FBI seeks records from Ohio House, subpoena shows

The Federal Bureau of Investigation is demanding records from the Ohio House of Representatives for the public corruption case against Speaker Larry Householder, R-Glenford, a federal subpoena says.

The federal grand jury subpoena received July 20 — the day before FBI agents arrested Householder and four other men — was issued to the Ohio House administrative offices and asks that it be kept confidential.

It seeks documents related to public records requests for information on House Bill 6, the $1.5 billion utility bailout law at the center of the racketeering case, and documents on public records requests related to Householder. The subpoena also asks for records related to three other bills that called for assisting utility companies but never were enacted.

ExploreTwo Ohio House speakers under FBI investigation; what's going on?

The subpoena spells out that the FBI wants “all communications” including written correspondence, emails, iMessages, text messages, audio or video recordings, voicemail, Snapchats, faxes, calendars, notes, agendas and other hard copy documents. The FBI wants both drafts and final versions.

The Dayton Daily News obtained a copy of the subpoena through a public records request to the Ohio House.

Last week, FBI agents arrested Householder, his long-time political strategist Jeff Longstreth, former Ohio GOP chairman Matt Borges and lobbyists Juan Cespedes and Neil Clark. Each faces a federal racketeering charge and accusations that they participated in a $60 million bribery scheme.

U.S. Attorney for the Southern District of Ohio Dave DeVillers called it the largest bribery and money laundering scheme ever perpetrated against the state of Ohio.

Ohio Gov. Mike DeWine hasn’t been implicated in the investigation, DeVillers said, but he declined to say if any other lawmakers were under investigation.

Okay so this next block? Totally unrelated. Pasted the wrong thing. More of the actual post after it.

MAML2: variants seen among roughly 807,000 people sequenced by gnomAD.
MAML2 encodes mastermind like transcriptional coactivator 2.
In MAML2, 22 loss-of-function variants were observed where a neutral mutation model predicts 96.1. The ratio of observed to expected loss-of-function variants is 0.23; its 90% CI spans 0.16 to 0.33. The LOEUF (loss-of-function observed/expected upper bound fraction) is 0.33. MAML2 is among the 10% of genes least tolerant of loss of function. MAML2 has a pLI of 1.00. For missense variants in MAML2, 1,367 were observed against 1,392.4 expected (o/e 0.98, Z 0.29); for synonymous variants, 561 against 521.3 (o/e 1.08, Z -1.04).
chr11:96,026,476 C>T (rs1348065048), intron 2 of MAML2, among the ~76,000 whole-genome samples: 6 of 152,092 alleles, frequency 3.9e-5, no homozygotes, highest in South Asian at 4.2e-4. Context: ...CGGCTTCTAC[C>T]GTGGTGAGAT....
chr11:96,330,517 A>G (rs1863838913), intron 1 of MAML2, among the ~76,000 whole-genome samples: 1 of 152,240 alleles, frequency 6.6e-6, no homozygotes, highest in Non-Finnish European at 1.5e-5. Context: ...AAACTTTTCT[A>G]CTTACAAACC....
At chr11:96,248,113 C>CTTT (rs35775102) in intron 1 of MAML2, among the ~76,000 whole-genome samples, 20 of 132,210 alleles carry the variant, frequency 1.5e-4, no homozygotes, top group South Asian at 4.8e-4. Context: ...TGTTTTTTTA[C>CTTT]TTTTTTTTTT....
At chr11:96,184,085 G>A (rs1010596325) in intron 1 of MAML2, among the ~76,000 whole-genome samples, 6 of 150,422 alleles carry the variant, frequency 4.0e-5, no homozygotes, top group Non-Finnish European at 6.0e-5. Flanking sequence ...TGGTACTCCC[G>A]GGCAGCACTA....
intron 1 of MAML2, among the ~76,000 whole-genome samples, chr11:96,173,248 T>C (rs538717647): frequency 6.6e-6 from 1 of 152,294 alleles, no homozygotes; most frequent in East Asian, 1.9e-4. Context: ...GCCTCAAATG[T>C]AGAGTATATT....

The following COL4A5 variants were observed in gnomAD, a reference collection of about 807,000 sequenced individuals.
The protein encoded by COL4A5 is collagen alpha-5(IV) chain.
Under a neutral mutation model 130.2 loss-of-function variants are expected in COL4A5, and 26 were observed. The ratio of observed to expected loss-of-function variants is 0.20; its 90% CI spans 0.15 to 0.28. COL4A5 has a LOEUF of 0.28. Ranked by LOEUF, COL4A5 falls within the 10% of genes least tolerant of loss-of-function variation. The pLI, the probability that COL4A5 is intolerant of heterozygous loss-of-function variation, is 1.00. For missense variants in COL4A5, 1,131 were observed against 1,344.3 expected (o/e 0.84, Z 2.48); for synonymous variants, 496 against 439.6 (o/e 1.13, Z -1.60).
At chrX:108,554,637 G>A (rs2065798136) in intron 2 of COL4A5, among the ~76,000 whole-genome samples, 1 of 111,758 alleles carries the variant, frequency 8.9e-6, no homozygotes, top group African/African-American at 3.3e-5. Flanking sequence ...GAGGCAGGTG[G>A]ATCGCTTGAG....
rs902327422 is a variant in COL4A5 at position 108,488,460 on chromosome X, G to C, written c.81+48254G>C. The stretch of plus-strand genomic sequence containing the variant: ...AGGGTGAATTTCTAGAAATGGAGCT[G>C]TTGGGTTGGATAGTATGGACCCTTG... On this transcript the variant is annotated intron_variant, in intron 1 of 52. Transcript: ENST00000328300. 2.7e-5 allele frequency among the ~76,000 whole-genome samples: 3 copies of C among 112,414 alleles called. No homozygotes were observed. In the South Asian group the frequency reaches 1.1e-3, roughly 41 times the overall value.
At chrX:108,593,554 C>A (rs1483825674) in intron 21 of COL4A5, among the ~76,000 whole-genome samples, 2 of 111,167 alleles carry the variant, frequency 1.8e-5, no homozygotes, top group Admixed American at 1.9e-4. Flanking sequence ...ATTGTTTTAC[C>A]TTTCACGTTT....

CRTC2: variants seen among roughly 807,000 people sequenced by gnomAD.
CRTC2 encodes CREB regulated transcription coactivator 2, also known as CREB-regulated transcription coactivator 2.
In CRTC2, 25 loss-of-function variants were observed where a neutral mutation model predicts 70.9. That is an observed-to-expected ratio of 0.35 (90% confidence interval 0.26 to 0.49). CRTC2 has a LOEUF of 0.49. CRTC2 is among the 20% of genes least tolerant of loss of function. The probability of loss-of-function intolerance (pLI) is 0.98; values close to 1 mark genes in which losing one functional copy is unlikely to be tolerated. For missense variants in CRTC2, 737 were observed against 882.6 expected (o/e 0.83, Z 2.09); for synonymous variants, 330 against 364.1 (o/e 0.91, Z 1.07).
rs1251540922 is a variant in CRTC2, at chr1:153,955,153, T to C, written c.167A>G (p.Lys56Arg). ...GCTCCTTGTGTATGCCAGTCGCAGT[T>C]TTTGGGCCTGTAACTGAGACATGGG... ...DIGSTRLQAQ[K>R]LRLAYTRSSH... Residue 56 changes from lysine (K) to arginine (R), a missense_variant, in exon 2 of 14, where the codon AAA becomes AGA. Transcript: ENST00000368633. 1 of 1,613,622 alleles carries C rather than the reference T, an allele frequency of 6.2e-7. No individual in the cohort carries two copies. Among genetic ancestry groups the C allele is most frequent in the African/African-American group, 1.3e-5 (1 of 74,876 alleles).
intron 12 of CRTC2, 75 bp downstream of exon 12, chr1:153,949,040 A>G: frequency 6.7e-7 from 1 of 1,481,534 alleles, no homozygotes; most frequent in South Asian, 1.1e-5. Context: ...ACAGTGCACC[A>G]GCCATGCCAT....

DeWine told the Dayton Daily News that he doesn’t believe Ohio has a widespread public corruption problem.

“I was surprised at what was going on. Basically, the FBI pulled back the curtain on what was going on. We knew — everybody knew — there was a lot of money being spent on that issue.” 

DeWine said he’s looking at changes to prevent so-called “pay to play” and campaign finance reforms, but doesn’t have any plans to announce now. His goal is to have a proposal ready that’s consistent with U.S. Supreme Court campaign finance rulings for lawmakers to consider when the General Assembly returns in September.

“We need to do something ... I think more disclosure is good,” the governor said. “Whatever we do, it has to be consistent with the U.S. Supreme Court decisions, which are pretty broad.”

About our Statehouse Bureau

The Dayton Daily News is the only local media outlet with a full-time Columbus reporter to keep an eye on state government spending and officials. That allowed our statehouse reporter Laura Bischoff to be the first in the state to break this story. Bischoff and our team of investigative reporters will continue digging into this and other public corruption stories.  

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